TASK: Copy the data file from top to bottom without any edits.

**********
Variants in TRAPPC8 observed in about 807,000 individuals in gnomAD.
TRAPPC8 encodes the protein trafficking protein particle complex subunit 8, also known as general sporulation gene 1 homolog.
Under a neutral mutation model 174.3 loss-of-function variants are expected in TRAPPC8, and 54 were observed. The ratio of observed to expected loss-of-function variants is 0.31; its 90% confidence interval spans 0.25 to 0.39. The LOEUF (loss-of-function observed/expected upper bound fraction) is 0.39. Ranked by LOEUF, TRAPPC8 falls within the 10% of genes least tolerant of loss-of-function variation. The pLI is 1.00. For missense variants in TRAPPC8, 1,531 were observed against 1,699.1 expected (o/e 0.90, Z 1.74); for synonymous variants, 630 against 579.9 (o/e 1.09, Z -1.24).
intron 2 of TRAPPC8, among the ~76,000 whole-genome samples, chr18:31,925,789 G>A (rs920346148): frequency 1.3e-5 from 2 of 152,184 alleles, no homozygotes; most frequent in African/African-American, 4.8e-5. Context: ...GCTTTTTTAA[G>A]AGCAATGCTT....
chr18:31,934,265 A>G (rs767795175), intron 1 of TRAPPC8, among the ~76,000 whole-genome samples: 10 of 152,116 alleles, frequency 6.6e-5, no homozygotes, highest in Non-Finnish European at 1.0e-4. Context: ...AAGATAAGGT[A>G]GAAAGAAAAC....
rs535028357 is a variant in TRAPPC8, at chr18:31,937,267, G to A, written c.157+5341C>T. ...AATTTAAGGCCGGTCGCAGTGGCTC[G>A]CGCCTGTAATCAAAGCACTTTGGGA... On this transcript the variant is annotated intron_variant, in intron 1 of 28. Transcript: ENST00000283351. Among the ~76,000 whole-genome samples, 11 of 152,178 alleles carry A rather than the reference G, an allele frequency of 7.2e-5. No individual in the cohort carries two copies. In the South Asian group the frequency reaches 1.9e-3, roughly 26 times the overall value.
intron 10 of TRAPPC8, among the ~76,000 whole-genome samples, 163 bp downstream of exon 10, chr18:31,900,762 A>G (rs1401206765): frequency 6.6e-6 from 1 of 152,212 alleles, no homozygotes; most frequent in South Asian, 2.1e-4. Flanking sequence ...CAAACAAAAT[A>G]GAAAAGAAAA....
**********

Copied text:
Variants in TRAPPC8 observed in about 807,000 individuals in gnomAD.
TRAPPC8 encodes the protein trafficking protein particle complex subunit 8, also known as general sporulation gene 1 homolog.
Under a neutral mutation model 174.3 loss-of-function variants are expected in TRAPPC8, and 54 were observed. The ratio of observed to expected loss-of-function variants is 0.31; its 90% confidence interval spans 0.25 to 0.39. The LOEUF (loss-of-function observed/expected upper bound fraction) is 0.39. Ranked by LOEUF, TRAPPC8 falls within the 10% of genes least tolerant of loss-of-function variation. The pLI is 1.00. For missense variants in TRAPPC8, 1,531 were observed against 1,699.1 expected (o/e 0.90, Z 1.74); for synonymous variants, 630 against 579.9 (o/e 1.09, Z -1.24).
intron 2 of TRAPPC8, among the ~76,000 whole-genome samples, chr18:31,925,789 G>A (rs920346148): frequency 1.3e-5 from 2 of 152,184 alleles, no homozygotes; most frequent in African/African-American, 4.8e-5. Context: ...GCTTTTTTAA[G>A]AGCAATGCTT....
chr18:31,934,265 A>G (rs767795175), intron 1 of TRAPPC8, among the ~76,000 whole-genome samples: 10 of 152,116 alleles, frequency 6.6e-5, no homozygotes, highest in Non-Finnish European at 1.0e-4. Context: ...AAGATAAGGT[A>G]GAAAGAAAAC....
rs535028357 is a variant in TRAPPC8, at chr18:31,937,267, G to A, written c.157+5341C>T. ...AATTTAAGGCCGGTCGCAGTGGCTC[G>A]CGCCTGTAATCAAAGCACTTTGGGA... On this transcript the variant is annotated intron_variant, in intron 1 of 28. Transcript: ENST00000283351. Among the ~76,000 whole-genome samples, 11 of 152,178 alleles carry A rather than the reference G, an allele frequency of 7.2e-5. No individual in the cohort carries two copies. In the South Asian group the frequency reaches 1.9e-3, roughly 26 times the overall value.
intron 10 of TRAPPC8, among the ~76,000 whole-genome samples, 163 bp downstream of exon 10, chr18:31,900,762 A>G (rs1401206765): frequency 6.6e-6 from 1 of 152,212 alleles, no homozygotes; most frequent in South Asian, 2.1e-4. Flanking sequence ...CAAACAAAAT[A>G]GAAAAGAAAA....